Armenians have settled in France since the early Middle Ages. Armenian inscriptions said to date back to the Middle Ages have been found in both the cathedral of Bourges and the church of Tarascon.
In the 17th century, an Armenian merchant opened the first café in Paris. A century later, another brought over to France a plant called madder, used to dye clothing. By the dawn of the twentieth century, there were a few thousand merchants, entrepreneurs, and Armenian students residing in France.
The community became larger in 1915 as a result of the Armenian Genocide when some 60,000 survivors found refuge in France. During the twentieth century, tens of thousands more Armenians chose to move to France, coming from Lebanon, Syria, Turkey, Iran, and Armenia. Currently, an estimated 650,000 Armenians live here.
Armenians are mostly concentrated in Paris, Lyon, Marseille, and surrounding towns.
Thousands of Armenians have recently settled in northeastern France, most of them from Armenia.
There are about 500 community-based organizations and branches within the country, some of which are part of the Coordination Council of Armenian Organizations of France (CCAF) established in 2001. In 2016, the Hayassa Federation was founded in Paris by Armenians who emigrated to France, which includes about 3 dozen organizations and has branches in Lyon and Marseille.
There are about 70 Armenian schools in France, 7 of which are day schools, as well as dozens of Armenian churches, cultural houses, media, libraries, and more.
French-Armenians are involved in almost all areas. World-famous singer Charles Aznavour, poet and political activist Missak Manouchian, painter Jean Jansem (Hovhannes "Jean" Semerdjian), the great composer Michel Legrand and many others are among celebrated Armenians in France. In several cities, the streets are named after geographical regions of Armenia and famous Armenians.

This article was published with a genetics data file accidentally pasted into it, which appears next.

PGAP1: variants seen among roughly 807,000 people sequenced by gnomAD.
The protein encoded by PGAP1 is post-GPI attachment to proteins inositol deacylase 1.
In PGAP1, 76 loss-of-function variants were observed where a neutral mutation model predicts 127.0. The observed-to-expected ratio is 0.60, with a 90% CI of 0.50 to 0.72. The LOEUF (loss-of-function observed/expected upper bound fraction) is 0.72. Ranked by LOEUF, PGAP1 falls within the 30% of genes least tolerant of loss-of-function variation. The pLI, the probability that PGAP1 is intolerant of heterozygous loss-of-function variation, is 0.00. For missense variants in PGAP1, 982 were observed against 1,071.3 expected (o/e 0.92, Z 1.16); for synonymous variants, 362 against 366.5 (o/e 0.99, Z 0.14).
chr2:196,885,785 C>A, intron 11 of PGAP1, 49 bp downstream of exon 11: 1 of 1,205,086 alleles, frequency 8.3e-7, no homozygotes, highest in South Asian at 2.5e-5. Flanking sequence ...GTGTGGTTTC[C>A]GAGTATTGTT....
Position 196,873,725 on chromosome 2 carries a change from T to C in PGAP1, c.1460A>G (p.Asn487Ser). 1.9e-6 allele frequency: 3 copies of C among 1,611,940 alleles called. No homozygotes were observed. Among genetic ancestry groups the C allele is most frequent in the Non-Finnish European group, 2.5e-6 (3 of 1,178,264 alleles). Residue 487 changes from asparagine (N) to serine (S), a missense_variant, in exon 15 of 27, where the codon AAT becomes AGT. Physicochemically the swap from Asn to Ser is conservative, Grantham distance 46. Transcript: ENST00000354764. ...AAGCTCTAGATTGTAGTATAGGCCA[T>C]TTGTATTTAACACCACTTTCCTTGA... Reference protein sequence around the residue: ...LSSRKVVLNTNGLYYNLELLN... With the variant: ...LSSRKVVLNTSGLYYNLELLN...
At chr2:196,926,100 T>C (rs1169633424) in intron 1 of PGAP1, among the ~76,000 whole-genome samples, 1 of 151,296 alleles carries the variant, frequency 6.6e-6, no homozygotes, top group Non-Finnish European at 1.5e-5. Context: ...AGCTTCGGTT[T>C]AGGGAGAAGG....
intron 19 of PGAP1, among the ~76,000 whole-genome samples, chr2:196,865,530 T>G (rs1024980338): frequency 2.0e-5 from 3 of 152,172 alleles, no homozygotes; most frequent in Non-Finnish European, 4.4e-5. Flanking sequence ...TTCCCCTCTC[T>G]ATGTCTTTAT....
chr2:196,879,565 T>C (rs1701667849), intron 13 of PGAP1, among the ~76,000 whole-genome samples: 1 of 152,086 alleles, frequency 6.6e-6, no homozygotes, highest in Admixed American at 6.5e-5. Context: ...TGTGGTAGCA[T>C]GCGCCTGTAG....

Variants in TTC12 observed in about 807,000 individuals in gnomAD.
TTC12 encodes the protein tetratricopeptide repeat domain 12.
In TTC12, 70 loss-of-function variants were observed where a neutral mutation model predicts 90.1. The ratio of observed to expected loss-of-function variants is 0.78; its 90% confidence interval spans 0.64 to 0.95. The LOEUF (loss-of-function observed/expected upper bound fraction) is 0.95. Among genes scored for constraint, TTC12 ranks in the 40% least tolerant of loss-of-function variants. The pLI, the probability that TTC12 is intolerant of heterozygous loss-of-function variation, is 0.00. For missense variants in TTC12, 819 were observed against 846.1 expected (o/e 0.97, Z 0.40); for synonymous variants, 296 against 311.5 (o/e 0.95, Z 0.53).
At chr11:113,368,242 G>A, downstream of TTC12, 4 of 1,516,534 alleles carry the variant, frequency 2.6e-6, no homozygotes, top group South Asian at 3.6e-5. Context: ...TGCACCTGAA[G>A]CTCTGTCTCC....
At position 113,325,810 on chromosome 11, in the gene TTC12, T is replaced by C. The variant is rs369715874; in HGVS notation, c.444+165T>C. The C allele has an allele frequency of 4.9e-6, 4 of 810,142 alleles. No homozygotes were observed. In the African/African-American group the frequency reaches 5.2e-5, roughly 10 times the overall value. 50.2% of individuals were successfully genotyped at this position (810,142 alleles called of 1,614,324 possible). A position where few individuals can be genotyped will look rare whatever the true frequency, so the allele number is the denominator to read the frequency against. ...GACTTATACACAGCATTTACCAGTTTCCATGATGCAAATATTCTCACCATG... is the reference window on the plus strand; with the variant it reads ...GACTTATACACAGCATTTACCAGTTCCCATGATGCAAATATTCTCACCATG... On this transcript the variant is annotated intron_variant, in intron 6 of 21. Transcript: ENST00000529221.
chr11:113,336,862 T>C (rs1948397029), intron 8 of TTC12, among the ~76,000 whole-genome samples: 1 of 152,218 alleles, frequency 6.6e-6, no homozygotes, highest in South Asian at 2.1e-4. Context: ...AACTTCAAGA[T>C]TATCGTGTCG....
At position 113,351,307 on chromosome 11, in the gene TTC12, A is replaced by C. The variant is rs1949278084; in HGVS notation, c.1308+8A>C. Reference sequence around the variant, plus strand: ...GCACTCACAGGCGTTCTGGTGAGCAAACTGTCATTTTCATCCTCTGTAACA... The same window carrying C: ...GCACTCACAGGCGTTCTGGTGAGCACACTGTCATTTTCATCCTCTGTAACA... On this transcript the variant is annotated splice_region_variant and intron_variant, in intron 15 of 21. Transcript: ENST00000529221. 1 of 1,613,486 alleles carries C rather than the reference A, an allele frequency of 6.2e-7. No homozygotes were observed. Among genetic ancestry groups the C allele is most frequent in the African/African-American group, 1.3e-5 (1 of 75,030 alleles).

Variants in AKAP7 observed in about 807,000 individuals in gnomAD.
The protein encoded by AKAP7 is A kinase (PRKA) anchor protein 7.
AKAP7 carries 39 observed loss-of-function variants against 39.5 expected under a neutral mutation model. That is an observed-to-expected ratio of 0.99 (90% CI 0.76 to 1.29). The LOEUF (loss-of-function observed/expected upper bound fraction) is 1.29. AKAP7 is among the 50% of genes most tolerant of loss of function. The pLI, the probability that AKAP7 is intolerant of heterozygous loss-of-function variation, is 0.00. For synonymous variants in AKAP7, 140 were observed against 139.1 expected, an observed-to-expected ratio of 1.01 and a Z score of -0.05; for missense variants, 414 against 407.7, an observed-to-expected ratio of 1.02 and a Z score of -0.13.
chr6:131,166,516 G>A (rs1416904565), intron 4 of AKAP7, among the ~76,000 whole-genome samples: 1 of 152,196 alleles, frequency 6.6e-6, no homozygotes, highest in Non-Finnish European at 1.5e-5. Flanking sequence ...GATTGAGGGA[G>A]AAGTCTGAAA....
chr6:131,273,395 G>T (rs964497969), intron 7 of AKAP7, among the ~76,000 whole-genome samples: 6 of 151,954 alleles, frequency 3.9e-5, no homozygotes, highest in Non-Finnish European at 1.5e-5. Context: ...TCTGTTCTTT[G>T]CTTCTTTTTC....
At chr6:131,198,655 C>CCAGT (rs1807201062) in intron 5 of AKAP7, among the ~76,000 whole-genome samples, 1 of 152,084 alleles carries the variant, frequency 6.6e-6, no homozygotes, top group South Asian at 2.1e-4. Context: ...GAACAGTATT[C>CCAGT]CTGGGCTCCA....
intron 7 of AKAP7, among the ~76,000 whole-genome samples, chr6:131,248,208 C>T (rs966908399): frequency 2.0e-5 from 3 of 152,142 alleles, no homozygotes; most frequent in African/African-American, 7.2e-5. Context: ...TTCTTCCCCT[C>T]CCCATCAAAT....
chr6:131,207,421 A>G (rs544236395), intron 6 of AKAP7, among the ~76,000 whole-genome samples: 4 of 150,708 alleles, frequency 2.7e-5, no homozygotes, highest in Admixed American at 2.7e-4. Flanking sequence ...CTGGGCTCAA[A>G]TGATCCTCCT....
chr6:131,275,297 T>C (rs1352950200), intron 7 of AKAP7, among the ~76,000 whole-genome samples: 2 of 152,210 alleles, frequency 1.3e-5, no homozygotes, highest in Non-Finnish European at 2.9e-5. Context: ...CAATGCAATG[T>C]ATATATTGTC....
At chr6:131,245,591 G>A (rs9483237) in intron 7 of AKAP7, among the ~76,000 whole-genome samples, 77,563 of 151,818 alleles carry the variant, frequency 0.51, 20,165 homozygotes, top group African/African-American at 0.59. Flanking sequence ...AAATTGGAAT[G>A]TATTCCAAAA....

French-Armenians are actively represented in the municipal and state authorities. Currently, there are three Armenian deputies in the French National Assembly.
There are a large number of monuments in the country, dedicated to the memory of the victims of the Armenian Genocide.
The Senate of the French Republic passed a law recognizing the Armenian Genocide on January 29, 2001.
French President Emanuel Macron in 2019 signed a decree recognizing April 24 as the National Day of Remembrance of the Armenian Genocide.
The Armenian Apostolic, Catholic, Evangelical Churches operate in the country.
The French Diocese of the Armenian Apostolic Church unites more than two dozen religious institutions in different cities of France, whose pastors are actively involved in community building and preservation of the Armenian identity.
There is a parish council attached to the Armenian Apostolic Church, which includes many community figures. Built in 1902, the Diocese of the Armenian Apostolic Church in France is located in St. Hovhannes-Baptist Cathedral, thanks to the generosity of philanthropist Alexander Mantashyants.
The Armenian Catholic Church is a part of the Roman Catholic Church and is part of the Eastern Catholic Church with French-Armenian cultural and educational groups operating next to it. The Armenian Evangelical Church unites about a dozen churches in different regions of France and is active in the country.